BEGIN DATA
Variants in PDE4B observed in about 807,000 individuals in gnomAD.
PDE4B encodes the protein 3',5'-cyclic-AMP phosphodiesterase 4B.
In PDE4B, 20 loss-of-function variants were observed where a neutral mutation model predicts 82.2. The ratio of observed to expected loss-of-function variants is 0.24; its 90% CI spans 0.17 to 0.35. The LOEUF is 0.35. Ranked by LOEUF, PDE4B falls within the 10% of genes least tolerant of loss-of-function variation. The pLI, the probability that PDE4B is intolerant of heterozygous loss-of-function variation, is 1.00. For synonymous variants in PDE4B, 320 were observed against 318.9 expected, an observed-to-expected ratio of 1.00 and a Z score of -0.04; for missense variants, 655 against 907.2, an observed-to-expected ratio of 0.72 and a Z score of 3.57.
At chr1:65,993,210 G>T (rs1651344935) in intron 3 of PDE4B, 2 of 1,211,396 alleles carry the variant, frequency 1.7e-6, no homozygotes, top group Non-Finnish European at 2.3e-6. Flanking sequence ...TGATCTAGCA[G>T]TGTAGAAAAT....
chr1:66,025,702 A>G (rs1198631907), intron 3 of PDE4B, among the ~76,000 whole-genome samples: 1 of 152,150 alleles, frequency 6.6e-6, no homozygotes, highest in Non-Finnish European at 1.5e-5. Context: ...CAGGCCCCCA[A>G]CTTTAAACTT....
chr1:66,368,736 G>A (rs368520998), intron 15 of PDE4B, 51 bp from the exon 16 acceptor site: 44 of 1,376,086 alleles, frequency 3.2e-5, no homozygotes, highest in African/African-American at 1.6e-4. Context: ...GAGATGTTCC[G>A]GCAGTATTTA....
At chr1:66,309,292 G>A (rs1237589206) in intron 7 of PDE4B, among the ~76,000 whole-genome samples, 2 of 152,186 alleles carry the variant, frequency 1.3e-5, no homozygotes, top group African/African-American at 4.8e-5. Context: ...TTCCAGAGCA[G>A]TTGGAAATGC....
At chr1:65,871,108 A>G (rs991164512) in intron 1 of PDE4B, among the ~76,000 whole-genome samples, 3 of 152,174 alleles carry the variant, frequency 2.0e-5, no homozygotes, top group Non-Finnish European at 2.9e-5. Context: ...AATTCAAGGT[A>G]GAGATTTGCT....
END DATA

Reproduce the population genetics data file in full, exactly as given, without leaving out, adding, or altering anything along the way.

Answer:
Variants in PDE4B observed in about 807,000 individuals in gnomAD.
PDE4B encodes the protein 3',5'-cyclic-AMP phosphodiesterase 4B.
In PDE4B, 20 loss-of-function variants were observed where a neutral mutation model predicts 82.2. The ratio of observed to expected loss-of-function variants is 0.24; its 90% CI spans 0.17 to 0.35. The LOEUF is 0.35. Ranked by LOEUF, PDE4B falls within the 10% of genes least tolerant of loss-of-function variation. The pLI, the probability that PDE4B is intolerant of heterozygous loss-of-function variation, is 1.00. For synonymous variants in PDE4B, 320 were observed against 318.9 expected, an observed-to-expected ratio of 1.00 and a Z score of -0.04; for missense variants, 655 against 907.2, an observed-to-expected ratio of 0.72 and a Z score of 3.57.
At chr1:65,993,210 G>T (rs1651344935) in intron 3 of PDE4B, 2 of 1,211,396 alleles carry the variant, frequency 1.7e-6, no homozygotes, top group Non-Finnish European at 2.3e-6. Flanking sequence ...TGATCTAGCA[G>T]TGTAGAAAAT....
chr1:66,025,702 A>G (rs1198631907), intron 3 of PDE4B, among the ~76,000 whole-genome samples: 1 of 152,150 alleles, frequency 6.6e-6, no homozygotes, highest in Non-Finnish European at 1.5e-5. Context: ...CAGGCCCCCA[A>G]CTTTAAACTT....
chr1:66,368,736 G>A (rs368520998), intron 15 of PDE4B, 51 bp from the exon 16 acceptor site: 44 of 1,376,086 alleles, frequency 3.2e-5, no homozygotes, highest in African/African-American at 1.6e-4. Context: ...GAGATGTTCC[G>A]GCAGTATTTA....
At chr1:66,309,292 G>A (rs1237589206) in intron 7 of PDE4B, among the ~76,000 whole-genome samples, 2 of 152,186 alleles carry the variant, frequency 1.3e-5, no homozygotes, top group African/African-American at 4.8e-5. Context: ...TTCCAGAGCA[G>A]TTGGAAATGC....
At chr1:65,871,108 A>G (rs991164512) in intron 1 of PDE4B, among the ~76,000 whole-genome samples, 3 of 152,174 alleles carry the variant, frequency 2.0e-5, no homozygotes, top group Non-Finnish European at 2.9e-5. Context: ...AATTCAAGGT[A>G]GAGATTTGCT....